Our newsletter subscribers get access to exclusive downloads! Sign Up

Living History

by Mary Ann Kelley
SUBCRIBER Downloads: Homeschool Planner, Country Report & More

Our newsletter subscribers have access to exclusive subscriber benefits! Our comprehensive homeschool planner is not available for sale anywhere, and is exclusively available to our newsletter subscribers. The planner, seventeen page country report, and several topical notebooking units are available for download after confirming your subscription.

Yes! I would like to receive newsletters and sponsored mailings from TheHomeSchoolMom (all of TheHomeSchoolMom's mailings include sponsored/marketing content). By submitting this form, I understand that my data will be handled as set out in the privacy policy and terms and I can unsubscribe at any time.

Topic: history

Resource of the Week: Living History

TheHomeSchoolMom's Resource of the Week: Living HistoryA recent post by Alfie Kohn backs up what most homeschoolers already know – that the best learning takes place when the student is interested. True passions are almost always student-initiated, but exposure to a wide variety of experiences leads to a wider array of interests that might resonate with a child. Exposure to living history interpretation was one such experience for me and one I recommend for children and teens. Although history was my least favorite subject in high school and college, it is now my passion because as an adult I encountered it in a non-academic environment.

If you have a child interested in history, consider letting them pursue that through historical societies or volunteering as historical interpreters at historical sites. For one young woman I know, such volunteering turned into a degree in historical preservation and an internship at a local historical site associated with George Washington. This week’s resource, while linked to an individual historical site in Virginia, is really just a link representative of the vast number of historical sites around the country that offer similar programs. Check out volunteer opportunities through the National Park Service and other historical sites in your area. In my area, we have a group specifically for kids called George Washington’s Young Friends. Your area might have something similar, or you could look into attending a Civil War reenactment, which can be an interesting way to expose kids to history. Historical interpretation is a great way to get kids interested in history and to give a sense of time and place to the history that they read in books. (Just remember that if they aren’t interested, pushing harder doesn’t make it more interesting!)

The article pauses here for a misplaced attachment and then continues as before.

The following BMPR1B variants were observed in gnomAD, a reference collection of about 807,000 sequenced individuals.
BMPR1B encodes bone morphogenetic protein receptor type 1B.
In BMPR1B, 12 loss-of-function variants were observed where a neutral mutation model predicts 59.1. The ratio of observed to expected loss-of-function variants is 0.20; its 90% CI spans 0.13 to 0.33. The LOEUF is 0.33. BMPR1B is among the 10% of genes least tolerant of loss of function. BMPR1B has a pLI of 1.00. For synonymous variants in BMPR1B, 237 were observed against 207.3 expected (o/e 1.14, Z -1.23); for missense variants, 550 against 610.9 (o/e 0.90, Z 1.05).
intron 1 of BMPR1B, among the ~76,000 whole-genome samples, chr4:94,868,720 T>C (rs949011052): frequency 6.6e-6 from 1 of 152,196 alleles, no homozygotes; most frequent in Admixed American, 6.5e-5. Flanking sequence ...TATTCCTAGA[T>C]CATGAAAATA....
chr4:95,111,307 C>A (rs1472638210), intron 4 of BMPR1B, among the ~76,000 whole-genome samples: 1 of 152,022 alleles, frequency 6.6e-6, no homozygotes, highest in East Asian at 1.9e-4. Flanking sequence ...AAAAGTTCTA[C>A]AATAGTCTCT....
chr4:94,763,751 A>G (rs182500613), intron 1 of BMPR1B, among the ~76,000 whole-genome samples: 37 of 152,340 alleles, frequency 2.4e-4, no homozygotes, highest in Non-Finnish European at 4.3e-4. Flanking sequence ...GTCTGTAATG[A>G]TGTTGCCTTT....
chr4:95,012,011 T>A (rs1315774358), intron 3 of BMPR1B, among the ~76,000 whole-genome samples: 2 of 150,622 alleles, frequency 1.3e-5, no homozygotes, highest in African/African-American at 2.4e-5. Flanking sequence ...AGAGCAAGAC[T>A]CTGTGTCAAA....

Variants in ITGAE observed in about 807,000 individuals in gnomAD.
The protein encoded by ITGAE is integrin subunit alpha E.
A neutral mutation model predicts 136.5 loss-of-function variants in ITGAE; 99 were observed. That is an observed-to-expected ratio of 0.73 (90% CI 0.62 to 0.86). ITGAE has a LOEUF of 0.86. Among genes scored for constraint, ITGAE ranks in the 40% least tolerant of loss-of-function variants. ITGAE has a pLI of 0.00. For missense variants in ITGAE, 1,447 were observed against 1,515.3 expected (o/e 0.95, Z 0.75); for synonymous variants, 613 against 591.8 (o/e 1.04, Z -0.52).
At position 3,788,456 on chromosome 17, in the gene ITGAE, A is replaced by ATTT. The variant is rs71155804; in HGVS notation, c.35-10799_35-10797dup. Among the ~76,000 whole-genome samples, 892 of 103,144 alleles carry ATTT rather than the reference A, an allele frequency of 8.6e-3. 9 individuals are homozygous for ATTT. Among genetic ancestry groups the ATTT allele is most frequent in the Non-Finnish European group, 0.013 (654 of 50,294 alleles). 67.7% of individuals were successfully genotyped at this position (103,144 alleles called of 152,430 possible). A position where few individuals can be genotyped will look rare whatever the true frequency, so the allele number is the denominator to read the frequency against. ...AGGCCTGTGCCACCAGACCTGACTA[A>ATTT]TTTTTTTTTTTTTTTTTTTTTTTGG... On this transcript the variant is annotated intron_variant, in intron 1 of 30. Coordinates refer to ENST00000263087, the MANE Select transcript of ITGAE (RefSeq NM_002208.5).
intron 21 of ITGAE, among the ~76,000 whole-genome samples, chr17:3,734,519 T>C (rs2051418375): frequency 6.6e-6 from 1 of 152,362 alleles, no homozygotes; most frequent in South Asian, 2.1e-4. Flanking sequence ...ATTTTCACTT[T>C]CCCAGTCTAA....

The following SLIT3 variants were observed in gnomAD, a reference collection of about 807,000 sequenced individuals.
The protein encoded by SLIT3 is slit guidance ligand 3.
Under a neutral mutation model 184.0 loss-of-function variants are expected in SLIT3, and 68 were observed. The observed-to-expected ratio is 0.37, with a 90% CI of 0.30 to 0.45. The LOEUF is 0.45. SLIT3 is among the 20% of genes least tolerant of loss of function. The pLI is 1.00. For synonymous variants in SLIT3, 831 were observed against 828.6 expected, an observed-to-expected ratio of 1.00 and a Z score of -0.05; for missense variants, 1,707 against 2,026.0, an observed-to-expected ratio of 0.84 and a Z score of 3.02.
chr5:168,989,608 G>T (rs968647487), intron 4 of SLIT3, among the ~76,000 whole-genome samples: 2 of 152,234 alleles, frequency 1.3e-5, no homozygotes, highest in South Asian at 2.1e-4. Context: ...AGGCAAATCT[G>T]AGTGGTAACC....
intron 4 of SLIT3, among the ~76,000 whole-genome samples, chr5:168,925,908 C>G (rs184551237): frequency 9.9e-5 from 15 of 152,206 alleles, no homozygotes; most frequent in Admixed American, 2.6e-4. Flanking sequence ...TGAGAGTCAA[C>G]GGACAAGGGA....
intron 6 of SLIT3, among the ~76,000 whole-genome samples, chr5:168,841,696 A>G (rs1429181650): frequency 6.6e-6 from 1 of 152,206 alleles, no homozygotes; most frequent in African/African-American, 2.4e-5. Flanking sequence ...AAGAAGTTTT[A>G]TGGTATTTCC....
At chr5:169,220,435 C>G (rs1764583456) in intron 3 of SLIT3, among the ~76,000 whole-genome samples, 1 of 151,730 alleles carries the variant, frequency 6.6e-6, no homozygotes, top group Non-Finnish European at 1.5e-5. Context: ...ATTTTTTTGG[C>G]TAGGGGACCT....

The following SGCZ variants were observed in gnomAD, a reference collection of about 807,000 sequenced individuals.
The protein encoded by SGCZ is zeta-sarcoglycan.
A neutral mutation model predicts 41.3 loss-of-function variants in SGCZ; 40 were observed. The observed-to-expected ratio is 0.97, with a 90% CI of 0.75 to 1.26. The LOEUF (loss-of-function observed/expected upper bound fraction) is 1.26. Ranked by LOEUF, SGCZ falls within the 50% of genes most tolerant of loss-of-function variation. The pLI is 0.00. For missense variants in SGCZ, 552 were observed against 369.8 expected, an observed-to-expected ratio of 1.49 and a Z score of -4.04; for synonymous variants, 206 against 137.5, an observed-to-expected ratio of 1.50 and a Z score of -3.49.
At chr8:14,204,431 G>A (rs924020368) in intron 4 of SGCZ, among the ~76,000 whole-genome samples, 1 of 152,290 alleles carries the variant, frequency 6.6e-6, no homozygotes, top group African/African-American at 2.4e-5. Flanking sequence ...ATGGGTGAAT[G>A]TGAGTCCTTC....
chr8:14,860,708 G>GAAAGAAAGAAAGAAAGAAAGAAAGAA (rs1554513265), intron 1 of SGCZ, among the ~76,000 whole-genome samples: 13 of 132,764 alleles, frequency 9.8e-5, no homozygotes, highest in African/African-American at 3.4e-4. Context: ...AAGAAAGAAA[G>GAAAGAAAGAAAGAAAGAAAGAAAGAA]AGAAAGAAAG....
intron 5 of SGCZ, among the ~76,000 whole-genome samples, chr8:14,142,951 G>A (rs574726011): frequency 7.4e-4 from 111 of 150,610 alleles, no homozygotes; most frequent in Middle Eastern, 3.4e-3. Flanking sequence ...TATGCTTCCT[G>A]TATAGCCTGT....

TheHomeSchoolMom's Resource of the Week: Living History />

TheHomeSchoolMom may be compensated for any of the links in this post through sponsorships, paid ads, free or discounted products, or affiliate links. Local resource listings are for information purposes only and do not imply endorsement. Always use due diligence when choosing resources, and please verify location and time with the organizer if applicable. Suggestions and advice on TheHomeSchoolMom.com are for general information purposes only and should never be considered as specific to any individual situation, nor are they a diagnosis or treatment advice for any kind of medical, developmental, or psychological condition. Blog posts represent the views of the contributor and do not necessarily reflect the views of other contributors or the publisher. Full terms of use and disclosure